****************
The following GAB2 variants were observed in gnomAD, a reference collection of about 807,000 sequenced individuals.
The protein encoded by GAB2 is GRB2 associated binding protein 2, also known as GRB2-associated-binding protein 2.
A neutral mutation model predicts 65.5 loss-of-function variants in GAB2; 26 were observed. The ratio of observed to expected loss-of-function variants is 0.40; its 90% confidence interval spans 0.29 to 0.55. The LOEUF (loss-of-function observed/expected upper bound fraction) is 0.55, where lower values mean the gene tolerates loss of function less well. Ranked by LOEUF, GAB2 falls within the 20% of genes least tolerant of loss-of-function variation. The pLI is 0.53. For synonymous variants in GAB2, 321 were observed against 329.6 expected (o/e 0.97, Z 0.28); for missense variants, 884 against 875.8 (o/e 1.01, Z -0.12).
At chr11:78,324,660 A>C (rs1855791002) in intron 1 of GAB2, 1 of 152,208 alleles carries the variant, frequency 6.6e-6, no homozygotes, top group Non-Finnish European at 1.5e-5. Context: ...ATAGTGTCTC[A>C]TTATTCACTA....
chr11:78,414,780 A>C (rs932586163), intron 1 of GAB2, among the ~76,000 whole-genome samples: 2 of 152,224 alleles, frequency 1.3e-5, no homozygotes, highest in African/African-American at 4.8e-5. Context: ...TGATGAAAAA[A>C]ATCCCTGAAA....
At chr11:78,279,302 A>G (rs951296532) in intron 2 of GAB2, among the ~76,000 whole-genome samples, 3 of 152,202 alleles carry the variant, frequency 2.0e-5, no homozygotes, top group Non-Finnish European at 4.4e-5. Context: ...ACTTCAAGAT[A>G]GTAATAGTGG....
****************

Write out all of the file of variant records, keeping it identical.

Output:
The following GAB2 variants were observed in gnomAD, a reference collection of about 807,000 sequenced individuals.
The protein encoded by GAB2 is GRB2 associated binding protein 2, also known as GRB2-associated-binding protein 2.
A neutral mutation model predicts 65.5 loss-of-function variants in GAB2; 26 were observed. The ratio of observed to expected loss-of-function variants is 0.40; its 90% confidence interval spans 0.29 to 0.55. The LOEUF (loss-of-function observed/expected upper bound fraction) is 0.55, where lower values mean the gene tolerates loss of function less well. Ranked by LOEUF, GAB2 falls within the 20% of genes least tolerant of loss-of-function variation. The pLI is 0.53. For synonymous variants in GAB2, 321 were observed against 329.6 expected (o/e 0.97, Z 0.28); for missense variants, 884 against 875.8 (o/e 1.01, Z -0.12).
At chr11:78,324,660 A>C (rs1855791002) in intron 1 of GAB2, 1 of 152,208 alleles carries the variant, frequency 6.6e-6, no homozygotes, top group Non-Finnish European at 1.5e-5. Context: ...ATAGTGTCTC[A>C]TTATTCACTA....
chr11:78,414,780 A>C (rs932586163), intron 1 of GAB2, among the ~76,000 whole-genome samples: 2 of 152,224 alleles, frequency 1.3e-5, no homozygotes, highest in African/African-American at 4.8e-5. Context: ...TGATGAAAAA[A>C]ATCCCTGAAA....
At chr11:78,279,302 A>G (rs951296532) in intron 2 of GAB2, among the ~76,000 whole-genome samples, 3 of 152,202 alleles carry the variant, frequency 2.0e-5, no homozygotes, top group Non-Finnish European at 4.4e-5. Context: ...ACTTCAAGAT[A>G]GTAATAGTGG....